Attention should be paid to the inclusion of currency (foreign exchange) among the objectives. President Trump has accused Japan of promoting exports by inducing depreciation of the yen. With the United States-Mexico-Canada Agreement (USMCA) in mind, he is also expected to call on Japan to agree to a currency clause that prohibits foreign exchange manipulation to induce currency depreciation. In addition to negotiations over goods trade, negotiations over other items will also be conducted.

With respect to negotiations concerning the automobile sector, the U.S. negotiations with other countries may serve as a reference. In the renegotiations over the U.S.-South Korea FTA, agreements were reached on the following points, among others: (1) the timing of the abolition of the 25% tariff on South Korean-made pickup trucks will be pushed back 20 years to January 1, 2041; (2) South Korea should increase the annual quota of vehicles that may be imported by each U.S. automaker without meeting the South Korean safety standards, as long as the U.S. safety standards are met, to 50,000 vehicles (up from 25,000 vehicles before the renegotiation); (3) imported auto parts should also be regarded as meeting the South Korean safety standards as long as they meet the U.S. standards; and (4) when South Korea establishes automotive environmental standards, it should take the U.S. standards into consideration as well.

Under the USMCA, when additional tariffs are imposed on automobiles and auto parts based on Section 232, imports of all light trucks and up to 2.6 million passenger cars from each of Mexico and Canada per year should remain tariff-free, while imports of auto parts should remain tariff-free for up to 108 billion dollars' worth per year in the case of Mexican products and for up to 32.4 billion dollars' worth per year in the case of Canadian products. At the moment, the volume of exports from both countries is within the tariff-free quotas, but the volume is expected to surpass the quotas in the near future.

In light of the above, the possibility cannot be ruled out that in the Japan-U.S. negotiations, Japan's safety and environmental standards will be virtually disregarded, or Japan will be forced to accept in effect some form of quantitative restriction on exports. If an export quota is introduced, the allocation of export permits to manufacturers will then emerge as a problem.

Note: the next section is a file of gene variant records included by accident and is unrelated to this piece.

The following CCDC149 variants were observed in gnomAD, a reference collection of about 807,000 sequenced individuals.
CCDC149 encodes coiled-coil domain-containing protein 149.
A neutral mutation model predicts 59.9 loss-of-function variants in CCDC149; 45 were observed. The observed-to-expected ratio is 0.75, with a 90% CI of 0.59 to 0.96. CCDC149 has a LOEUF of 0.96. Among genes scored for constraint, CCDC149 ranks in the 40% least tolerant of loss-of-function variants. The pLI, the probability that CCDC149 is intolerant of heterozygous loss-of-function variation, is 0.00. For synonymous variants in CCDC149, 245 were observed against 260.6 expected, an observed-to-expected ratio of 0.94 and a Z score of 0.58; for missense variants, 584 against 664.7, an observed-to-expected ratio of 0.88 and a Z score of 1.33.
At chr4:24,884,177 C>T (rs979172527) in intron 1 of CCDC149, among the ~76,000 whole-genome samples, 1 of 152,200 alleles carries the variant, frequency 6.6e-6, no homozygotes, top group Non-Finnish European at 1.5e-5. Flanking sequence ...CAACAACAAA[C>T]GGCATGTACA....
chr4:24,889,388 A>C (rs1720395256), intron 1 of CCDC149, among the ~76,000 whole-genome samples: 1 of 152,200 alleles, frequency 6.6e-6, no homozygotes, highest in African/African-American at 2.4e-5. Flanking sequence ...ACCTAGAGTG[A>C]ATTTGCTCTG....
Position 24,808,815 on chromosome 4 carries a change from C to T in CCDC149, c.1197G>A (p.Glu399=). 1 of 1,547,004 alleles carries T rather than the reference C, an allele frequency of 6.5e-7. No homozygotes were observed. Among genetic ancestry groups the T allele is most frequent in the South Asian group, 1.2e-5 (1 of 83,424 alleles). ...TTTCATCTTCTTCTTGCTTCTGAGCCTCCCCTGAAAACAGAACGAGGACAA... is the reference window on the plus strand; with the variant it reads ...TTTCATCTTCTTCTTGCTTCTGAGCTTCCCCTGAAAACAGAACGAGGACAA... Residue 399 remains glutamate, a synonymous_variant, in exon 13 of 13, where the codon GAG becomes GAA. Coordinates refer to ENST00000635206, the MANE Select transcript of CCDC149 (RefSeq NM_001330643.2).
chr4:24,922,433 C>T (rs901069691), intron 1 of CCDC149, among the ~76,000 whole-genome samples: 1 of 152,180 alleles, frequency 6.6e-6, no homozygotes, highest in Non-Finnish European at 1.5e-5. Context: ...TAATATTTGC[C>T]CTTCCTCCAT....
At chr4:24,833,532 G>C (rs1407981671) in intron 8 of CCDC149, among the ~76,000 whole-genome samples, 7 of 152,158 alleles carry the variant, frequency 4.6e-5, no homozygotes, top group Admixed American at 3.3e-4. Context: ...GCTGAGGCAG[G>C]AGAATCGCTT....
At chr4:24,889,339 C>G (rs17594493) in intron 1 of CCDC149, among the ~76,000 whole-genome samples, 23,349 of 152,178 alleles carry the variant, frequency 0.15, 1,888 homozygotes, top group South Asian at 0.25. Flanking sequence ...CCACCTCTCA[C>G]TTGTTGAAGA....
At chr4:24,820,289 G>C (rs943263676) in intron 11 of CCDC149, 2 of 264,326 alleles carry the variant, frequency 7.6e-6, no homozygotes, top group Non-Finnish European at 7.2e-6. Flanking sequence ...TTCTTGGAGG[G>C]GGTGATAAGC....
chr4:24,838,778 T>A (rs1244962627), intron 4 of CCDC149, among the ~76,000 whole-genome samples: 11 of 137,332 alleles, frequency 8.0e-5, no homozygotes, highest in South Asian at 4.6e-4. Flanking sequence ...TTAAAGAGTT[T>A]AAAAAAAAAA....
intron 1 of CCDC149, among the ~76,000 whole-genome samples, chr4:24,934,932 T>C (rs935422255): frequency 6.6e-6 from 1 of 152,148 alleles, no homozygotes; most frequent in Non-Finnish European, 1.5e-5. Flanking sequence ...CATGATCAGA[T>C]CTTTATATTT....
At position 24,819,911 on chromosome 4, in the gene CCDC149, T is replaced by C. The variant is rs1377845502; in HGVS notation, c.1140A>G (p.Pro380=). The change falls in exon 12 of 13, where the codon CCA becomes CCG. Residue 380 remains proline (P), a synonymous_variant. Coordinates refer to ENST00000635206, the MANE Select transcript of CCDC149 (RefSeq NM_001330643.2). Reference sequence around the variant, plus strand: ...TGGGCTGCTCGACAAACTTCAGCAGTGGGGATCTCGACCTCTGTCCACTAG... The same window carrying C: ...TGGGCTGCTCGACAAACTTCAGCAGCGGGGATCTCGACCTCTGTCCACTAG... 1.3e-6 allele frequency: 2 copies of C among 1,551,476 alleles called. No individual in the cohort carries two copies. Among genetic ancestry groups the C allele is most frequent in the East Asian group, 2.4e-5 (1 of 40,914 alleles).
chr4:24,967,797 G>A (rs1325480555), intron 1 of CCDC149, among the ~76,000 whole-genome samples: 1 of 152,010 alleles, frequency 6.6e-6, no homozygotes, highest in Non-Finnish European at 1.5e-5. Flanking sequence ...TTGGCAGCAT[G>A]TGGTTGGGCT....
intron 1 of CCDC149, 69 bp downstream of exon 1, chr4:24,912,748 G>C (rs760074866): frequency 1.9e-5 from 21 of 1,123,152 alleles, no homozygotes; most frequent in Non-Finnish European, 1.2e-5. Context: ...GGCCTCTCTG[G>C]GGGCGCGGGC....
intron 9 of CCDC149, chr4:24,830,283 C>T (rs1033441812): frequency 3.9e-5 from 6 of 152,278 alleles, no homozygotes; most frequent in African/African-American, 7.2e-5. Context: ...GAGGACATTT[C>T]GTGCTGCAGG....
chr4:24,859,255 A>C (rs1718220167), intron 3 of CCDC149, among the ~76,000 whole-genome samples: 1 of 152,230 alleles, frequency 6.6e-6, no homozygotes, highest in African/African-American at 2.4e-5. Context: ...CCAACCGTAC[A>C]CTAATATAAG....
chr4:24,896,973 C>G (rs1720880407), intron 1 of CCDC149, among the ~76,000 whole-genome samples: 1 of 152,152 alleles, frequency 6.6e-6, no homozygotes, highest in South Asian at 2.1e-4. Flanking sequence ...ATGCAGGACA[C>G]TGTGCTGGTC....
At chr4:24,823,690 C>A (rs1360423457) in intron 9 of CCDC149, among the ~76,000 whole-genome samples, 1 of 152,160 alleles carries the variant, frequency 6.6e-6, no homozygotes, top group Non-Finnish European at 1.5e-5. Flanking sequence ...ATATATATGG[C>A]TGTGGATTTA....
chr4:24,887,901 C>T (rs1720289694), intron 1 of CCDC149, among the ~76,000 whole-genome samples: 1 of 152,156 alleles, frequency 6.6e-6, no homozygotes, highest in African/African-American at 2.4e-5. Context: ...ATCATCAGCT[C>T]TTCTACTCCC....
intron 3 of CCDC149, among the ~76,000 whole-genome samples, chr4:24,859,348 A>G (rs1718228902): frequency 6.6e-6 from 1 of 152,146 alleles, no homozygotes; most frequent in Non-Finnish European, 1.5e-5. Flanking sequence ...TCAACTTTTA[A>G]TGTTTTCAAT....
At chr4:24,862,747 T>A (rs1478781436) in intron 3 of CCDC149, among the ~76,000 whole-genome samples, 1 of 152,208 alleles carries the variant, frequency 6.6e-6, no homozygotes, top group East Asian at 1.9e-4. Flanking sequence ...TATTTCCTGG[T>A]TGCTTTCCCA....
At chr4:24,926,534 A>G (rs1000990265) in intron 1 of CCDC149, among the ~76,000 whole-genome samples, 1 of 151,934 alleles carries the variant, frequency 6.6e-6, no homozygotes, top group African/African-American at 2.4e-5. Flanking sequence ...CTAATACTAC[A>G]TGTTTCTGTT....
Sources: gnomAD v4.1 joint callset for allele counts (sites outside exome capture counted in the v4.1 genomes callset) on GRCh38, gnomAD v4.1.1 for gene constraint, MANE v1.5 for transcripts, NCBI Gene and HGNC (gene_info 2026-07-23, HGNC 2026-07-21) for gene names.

However, if Japan decides to voluntarily restrict its exports, Japanese automakers may be able to earn additional profits by taking advantage of upward price pressure generated by the reduced supply of Japanese vehicles, or by shifting exports to passenger cars with larger profit margins. Meanwhile, even if Japan accepts the U.S. safety standards as import criteria, the volume of imports of U.S. vehicles is unlikely to increase substantially. The United States may demand that Japan take additional measures to increase imports or expand direct investments in the United States.

The Japan-U.S. trade negotiations are expected to be affected by other ongoing trade negotiations. On July 25, 2018, President Trump and European Commission President Juncker, who represents the European Union, agreed to start trade agreement negotiations, and the negotiations are expected to start in earnest in due course. The future course of the Japan-U.S. negotiations will be affected by how the U.S.-EU negotiations play out. Meanwhile, the Japan-EU EPA will be put into force on February 1, 2019. Japan should work with the EU in pushing back against unreasonable demands that contravene the rules of the World Trade Organization (WTO).

Moreover, the Trump administration is holding negotiations with the Chinese government in order to make China resolve trade problems, including its forcible technology transfers and infringement of intellectual property rights, and to implement structural reforms in exchange for giving it a reprieve from the imposition of additional retaliatory tariffs on 200 billion dollars' worth of Chinese products. The U.S.-China negotiations, for which the agreement deadline has been set for March 1, may also affect the Japan-U.S. negotiations. If the U.S.-China negotiations falter, the Japan-U.S. negotiations may be postponed. Conversely, if the U.S.-China negotiations are concluded smoothly, the pressure on Japan may grow.

President Trump's favorite tactic in bilateral negotiations is using the implementation or the threat of implementation of protectionist policy measures as a way to steer negotiations in a favorable direction and win concessions from the other side. Regrettably, this tactic has worked just as the president intends it to. Because of the United States' overwhelmingly strong political and economic influence, negotiating partner countries are forced into a situation in which they cannot but give concessions. Even China, which was sounding tough in dealing with the Trump administration, has started to give ground on some matters. Although the Japan-U.S. negotiations are expected to be tough, I hope that an agreement consistent with the WTO rules will be reached.

>> Original text in Japanese

* Translated by RIETI.

January 14, 2019 Nihon Keizai Shimbun

February 27, 2019